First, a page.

Something Cooking

Wed 3 October 2018, 3:32 pm

Bristol's unique markets and increasingly tantalising food and drink offer are helping to shape its personality and future. Russell Hargrave embarks on a culinary expedition to discover what's on offer

Food at St Nick's Market. Image courtesy of Chris Bahn/Bristol Design

When you step into Bristol, you find a market city. It may be famous for its docks, its towering suspension bridge and – in more recent decades – its two world-class universities, but these days, locals and visitors will also be struck by Bristol’s energetic markets and ever-improving food and drink scene. At the heart of it all is the bustling St Nicholas Market, known to most Bristolians as St Nick’s.

You can’t miss St Nick’s long history. One of the first sights on heading into the crowded covered market in the old corn exchange is a sign announcing its upcoming 275th birthday. Around 60 traders operate from the market every day, with more stalls just outside its stone walls. It’s not only street food, but jewellery and art shops and second-hand bookstalls also attract a diverse crowd. “We are like a family,” explains Enggi Holt, talking about her fellow traders. She runs Enggi’s Kitchen, an Indonesian stall on the corner of St Nick’s. Her business is part of “a family of international traders,” she says. “There is Brazilian, Jamaican and Thai and all sorts of things. We help each other and try to make the market really vibrant.”

Enggi’s Kitchen is relatively new to St Nick’s, but other traders tell the same story. The Hot Sauce Emporium has been in St Nick’s for more than a decade, and for the last year has been run by John Finch.“By and large it is a very convivial place to work,” Finch says cheerfully. “I get on with most people.” This includes his customers, and Finch is happy to provide “something a bit different for the curious”. People enjoy trying chillis and sauces so they can “test themselves and their mates – see how hot they can take it,” Finch says. This merriment is the fun side of St Nick’s, but the market is also there for “people who are really into their food,” he adds. Bristol’s markets boost the city’s wider success.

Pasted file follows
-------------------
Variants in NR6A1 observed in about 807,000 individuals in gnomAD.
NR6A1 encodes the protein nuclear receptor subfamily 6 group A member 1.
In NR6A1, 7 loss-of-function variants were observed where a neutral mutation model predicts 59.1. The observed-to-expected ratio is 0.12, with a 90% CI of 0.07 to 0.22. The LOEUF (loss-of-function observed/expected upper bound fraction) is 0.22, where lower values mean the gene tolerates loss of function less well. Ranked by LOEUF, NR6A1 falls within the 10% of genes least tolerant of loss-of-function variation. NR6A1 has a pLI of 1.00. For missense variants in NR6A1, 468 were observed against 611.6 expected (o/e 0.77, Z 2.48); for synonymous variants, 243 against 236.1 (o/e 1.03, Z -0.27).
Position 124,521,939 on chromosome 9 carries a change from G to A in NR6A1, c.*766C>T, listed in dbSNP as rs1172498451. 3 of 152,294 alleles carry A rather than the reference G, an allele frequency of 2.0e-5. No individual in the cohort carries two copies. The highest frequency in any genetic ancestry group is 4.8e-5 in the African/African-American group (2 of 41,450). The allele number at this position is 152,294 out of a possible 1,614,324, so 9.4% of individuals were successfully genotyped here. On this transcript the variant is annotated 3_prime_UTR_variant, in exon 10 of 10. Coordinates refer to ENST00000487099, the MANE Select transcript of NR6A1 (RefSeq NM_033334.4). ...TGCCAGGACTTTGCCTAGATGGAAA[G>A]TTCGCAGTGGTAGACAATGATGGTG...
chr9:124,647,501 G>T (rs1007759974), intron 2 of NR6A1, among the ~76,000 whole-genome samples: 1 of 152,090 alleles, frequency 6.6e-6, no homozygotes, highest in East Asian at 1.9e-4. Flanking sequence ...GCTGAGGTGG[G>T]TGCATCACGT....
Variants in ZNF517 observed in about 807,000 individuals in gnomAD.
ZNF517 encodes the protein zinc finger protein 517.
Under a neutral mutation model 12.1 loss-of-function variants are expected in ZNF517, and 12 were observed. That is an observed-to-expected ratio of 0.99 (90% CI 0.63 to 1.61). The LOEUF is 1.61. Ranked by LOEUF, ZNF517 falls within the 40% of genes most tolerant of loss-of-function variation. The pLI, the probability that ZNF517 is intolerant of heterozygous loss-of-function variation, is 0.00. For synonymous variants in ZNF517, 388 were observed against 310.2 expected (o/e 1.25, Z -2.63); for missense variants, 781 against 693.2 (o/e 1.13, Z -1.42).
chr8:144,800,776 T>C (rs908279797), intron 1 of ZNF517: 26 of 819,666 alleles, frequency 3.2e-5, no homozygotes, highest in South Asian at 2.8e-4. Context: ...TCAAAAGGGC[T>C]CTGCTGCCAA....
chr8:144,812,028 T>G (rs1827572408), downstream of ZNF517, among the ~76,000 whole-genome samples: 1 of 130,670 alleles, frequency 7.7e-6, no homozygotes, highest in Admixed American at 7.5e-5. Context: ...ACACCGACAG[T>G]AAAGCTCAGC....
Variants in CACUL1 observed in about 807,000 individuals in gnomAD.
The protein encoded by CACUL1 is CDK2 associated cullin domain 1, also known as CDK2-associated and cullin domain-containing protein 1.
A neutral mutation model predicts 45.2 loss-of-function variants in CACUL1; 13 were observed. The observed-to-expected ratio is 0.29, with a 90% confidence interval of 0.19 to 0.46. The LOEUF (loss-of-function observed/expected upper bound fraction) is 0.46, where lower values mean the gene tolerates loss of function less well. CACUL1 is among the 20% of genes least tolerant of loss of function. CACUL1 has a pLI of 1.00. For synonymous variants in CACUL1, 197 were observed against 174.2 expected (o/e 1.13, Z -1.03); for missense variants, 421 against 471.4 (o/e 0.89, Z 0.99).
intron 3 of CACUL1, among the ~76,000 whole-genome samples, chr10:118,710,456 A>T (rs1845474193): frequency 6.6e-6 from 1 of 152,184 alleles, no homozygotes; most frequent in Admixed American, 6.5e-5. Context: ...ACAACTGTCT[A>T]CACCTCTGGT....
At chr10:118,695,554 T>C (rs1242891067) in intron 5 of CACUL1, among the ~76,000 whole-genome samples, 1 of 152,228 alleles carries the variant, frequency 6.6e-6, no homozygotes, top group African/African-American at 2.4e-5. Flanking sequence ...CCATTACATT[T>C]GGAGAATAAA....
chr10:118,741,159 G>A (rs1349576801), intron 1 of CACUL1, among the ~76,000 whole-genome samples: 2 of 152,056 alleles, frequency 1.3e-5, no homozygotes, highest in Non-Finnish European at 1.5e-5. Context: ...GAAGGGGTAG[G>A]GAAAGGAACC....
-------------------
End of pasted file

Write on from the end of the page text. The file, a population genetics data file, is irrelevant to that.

Marvin Rees, Bristol’s mayor, is keen to promote how the city is the fastest growing economy outside London, a result of people pulling together as the markets take on a growing role within the development of the city. Sarah Jones, the council’s markets and estates officer, has an office inside St Nick’s, with a view overlooking the stalls. “We are the largest site with the most independent traders [in Bristol],” she says. “We keep it local for people and the surrounding area.” Jones’ positivity is commanding. “It’s so dynamic,” she says. “No two days are the same. You never know what to expect when you come in each morning.”

There is more for food fanatics to enjoy in Bristol. On arrival by train, Temple Quay Market near the station has weekly food stalls in the shadow of Bristol’s banking and legal quarter. Just across the canal from St Nick’s, another takes place every week at Finzels Reach, where market crowds mingle with people on their way to yoga classes in a modern setting amid shiny office and residential buildings, providing a contrast to St Nick’s Georgian architecture.

Alongside the food enthusiasts, Bristol’s markets also cater to people “looking for new experiences – something more than just shopping,” according to Roger Hinchcliffe, whose photography shop is based in The Nails Market. “The market evolves and changes to attract new customers,” he says. As for Hinchcliffe’s photography, customers are typically in their 20s and 30s. “It is people who are setting up house and want things on the walls. I am often told ‘I have loads of blank space on the walls and I need something to fill it’,” he explains. The Harbourside Market is a bit different. Overlooking ships waiting to ferry tourists and commuters around the city, it takes place every weekend and on Thursdays, filling one stretch of space next to the canal and home to dozens of designers and food stalls.

The full version of this article appears in issue one of Bristol Is magazine

To request a free copy, please click here